Mayor Chris Beutler today said the City continues to improve streets at record levels, with nearly 18 miles of arterial streets and 80 blocks of residential streets repaired last year. He said increased investment, new ideas and innovation are leading to better streets for Lincoln
"When I took office nearly ten years ago, we knew that getting additional resources for streets was a high priority for our community," Mayor Beutler said. "We have taken action and increased street funding 58 percent since 2009. The impact of that is clear. Even more importantly, however, is that taxpayers see that their dollars are being invested with care, competence and creativity to deliver the highest level of results."
The Mayor said the City has improved over 90 miles of arterial streets and 632 blocks of residential streets since he took office in 2009 by investing wheel tax dollars, State gas tax funds, federal funds and savings from the Antelope Valley Project.
"Just as importantly, we are finding innovative ways to get the most out of every dollar," he said. "New equipment, technology, materials and strategies are helping us make faster and longer-lasting repairs. They are enabling our crews to be more efficient and complete more permanent repairs. In short, our transportation team is matching specific road needs with the most cost-effective maintenance and repair strategies."
Public Works and Utilities Director Miki Esposito said the new equipment and materials are having a noticeable impact on the department's ability to complete pothole repair. Since May 2016, the City has been using four new pothole patching machines that allow one crew member to do the work that previously required four. Crews also began using new patching material that works better on damp surfaces and has produced longer-lasting repairs.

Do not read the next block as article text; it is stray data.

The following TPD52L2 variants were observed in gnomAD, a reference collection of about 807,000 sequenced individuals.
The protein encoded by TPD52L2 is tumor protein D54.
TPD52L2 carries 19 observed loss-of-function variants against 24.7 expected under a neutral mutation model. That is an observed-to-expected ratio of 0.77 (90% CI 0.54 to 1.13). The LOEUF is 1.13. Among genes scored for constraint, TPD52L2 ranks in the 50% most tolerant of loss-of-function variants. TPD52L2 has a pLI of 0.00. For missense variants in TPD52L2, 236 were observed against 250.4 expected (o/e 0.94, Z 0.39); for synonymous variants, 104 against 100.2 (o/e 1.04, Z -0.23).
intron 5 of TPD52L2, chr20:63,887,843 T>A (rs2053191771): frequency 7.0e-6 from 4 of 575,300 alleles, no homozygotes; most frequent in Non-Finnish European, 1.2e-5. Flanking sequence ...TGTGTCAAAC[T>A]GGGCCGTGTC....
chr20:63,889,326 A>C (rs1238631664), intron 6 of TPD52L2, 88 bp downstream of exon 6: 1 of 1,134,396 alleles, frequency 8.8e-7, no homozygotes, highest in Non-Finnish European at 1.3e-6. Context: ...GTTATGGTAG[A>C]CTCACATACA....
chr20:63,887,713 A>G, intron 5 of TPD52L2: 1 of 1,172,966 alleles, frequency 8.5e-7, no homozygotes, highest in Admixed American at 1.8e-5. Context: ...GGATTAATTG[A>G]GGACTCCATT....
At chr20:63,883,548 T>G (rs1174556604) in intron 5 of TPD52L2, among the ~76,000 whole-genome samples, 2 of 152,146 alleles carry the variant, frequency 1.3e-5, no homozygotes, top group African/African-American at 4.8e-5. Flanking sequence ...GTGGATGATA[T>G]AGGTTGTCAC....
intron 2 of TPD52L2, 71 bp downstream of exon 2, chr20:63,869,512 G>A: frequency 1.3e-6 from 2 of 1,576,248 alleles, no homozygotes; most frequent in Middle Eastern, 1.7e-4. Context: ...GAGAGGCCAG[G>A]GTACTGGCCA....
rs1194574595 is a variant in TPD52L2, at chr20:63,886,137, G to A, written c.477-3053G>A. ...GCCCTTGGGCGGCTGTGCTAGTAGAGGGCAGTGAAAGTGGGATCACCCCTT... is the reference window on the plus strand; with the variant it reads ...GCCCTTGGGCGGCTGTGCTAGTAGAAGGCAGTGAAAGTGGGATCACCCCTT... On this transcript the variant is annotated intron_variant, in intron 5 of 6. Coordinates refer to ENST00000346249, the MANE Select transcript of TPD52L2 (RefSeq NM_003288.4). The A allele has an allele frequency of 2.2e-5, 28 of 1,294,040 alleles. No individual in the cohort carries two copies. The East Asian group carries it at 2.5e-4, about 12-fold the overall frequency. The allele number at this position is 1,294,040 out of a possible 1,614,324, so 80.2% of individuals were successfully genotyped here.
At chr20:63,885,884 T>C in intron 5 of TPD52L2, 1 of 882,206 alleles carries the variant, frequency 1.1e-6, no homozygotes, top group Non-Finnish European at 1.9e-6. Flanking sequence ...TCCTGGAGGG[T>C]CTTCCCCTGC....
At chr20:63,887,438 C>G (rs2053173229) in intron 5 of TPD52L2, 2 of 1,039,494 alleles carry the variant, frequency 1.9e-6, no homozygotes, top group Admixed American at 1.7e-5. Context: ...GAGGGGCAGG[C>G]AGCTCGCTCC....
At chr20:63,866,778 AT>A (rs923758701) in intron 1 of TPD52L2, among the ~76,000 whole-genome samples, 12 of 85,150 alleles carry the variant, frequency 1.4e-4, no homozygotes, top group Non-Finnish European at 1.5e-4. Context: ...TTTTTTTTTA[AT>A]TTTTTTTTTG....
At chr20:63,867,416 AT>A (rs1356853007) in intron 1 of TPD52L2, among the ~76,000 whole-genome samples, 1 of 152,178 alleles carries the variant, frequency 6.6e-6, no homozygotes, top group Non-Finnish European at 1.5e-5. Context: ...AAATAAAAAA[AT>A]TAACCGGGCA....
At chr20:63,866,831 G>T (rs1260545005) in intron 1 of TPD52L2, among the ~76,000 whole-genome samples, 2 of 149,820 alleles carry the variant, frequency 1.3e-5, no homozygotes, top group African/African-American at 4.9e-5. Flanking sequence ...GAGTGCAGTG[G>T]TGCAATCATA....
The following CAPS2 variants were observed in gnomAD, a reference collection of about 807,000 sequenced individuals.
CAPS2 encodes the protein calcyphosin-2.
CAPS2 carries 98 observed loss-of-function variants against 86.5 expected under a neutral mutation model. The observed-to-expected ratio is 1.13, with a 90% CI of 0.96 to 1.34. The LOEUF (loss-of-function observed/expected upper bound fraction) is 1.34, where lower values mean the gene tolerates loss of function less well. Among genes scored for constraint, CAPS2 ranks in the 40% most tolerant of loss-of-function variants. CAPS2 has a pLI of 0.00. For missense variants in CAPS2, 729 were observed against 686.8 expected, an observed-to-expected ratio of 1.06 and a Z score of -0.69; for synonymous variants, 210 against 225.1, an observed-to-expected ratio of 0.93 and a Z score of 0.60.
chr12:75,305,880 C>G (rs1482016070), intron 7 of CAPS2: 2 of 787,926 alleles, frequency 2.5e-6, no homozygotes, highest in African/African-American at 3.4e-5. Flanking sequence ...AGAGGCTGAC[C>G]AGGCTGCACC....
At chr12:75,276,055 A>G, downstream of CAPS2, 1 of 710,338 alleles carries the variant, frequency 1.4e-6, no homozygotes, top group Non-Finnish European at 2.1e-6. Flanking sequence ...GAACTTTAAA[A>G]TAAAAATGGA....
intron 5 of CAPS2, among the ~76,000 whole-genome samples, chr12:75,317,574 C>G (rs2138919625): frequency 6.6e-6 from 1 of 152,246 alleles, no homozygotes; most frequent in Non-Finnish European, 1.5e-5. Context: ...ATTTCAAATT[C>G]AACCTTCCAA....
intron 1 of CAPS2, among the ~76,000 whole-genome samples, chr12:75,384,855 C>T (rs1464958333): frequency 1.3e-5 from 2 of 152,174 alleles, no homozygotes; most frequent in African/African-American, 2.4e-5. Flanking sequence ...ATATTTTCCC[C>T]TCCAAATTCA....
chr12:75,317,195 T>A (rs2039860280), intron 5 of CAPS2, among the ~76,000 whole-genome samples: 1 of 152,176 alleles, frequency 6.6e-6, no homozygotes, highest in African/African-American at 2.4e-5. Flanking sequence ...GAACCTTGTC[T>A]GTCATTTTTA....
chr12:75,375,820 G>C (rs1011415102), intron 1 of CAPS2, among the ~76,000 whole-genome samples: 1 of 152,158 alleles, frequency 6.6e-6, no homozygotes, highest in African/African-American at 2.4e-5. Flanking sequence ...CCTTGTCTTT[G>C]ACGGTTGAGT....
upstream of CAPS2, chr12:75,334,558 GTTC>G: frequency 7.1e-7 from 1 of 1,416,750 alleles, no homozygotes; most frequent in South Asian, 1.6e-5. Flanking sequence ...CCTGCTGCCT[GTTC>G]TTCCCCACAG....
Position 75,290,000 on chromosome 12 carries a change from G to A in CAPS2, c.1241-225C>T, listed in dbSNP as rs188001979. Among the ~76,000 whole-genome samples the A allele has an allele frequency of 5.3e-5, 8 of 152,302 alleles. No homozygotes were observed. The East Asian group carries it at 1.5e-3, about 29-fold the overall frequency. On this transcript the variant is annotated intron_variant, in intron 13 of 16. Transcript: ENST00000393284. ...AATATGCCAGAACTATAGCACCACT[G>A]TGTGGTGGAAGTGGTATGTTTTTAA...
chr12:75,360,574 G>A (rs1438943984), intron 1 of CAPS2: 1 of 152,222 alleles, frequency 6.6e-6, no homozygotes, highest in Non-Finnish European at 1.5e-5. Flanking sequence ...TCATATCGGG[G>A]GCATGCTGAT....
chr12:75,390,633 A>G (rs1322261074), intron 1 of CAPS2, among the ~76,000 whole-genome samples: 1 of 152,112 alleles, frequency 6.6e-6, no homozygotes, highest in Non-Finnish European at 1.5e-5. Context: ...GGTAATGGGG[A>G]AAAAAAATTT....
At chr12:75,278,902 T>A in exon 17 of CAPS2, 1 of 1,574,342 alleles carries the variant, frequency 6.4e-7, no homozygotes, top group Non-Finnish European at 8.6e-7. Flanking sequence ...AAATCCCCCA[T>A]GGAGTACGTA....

"This new technology serves as a force multiplier, allowing us to stay on top of repairs in less time using fewer resources," Esposito said. "As a result, we are able to redirect crews toward completing more permanent repairs."
Esposito said the City is also using new repair mastic material to fill road gaps and cracks. It adheres to the existing roadway and flexes with the roadway expansion, allowing it to last longer. New milling machines are capable of removing damaged asphalt more than 10 times faster than previous methods, allowing crews to complete a higher volume of permanent repairs.
"These are just a few examples of how our transportation team is driven to seek new methods, technologies and strategies that improve our streets," Esposito said. "Thanks to the significant investment the public has made in transportation these past eight years, we are accomplishing more than ever and seeing tremendous benefit."
Esposito said the Public Works and Utilities Department will release plans for the upcoming street construction season on February 23. More information on the department is available at lincoln.ne.gov (keyword: public works).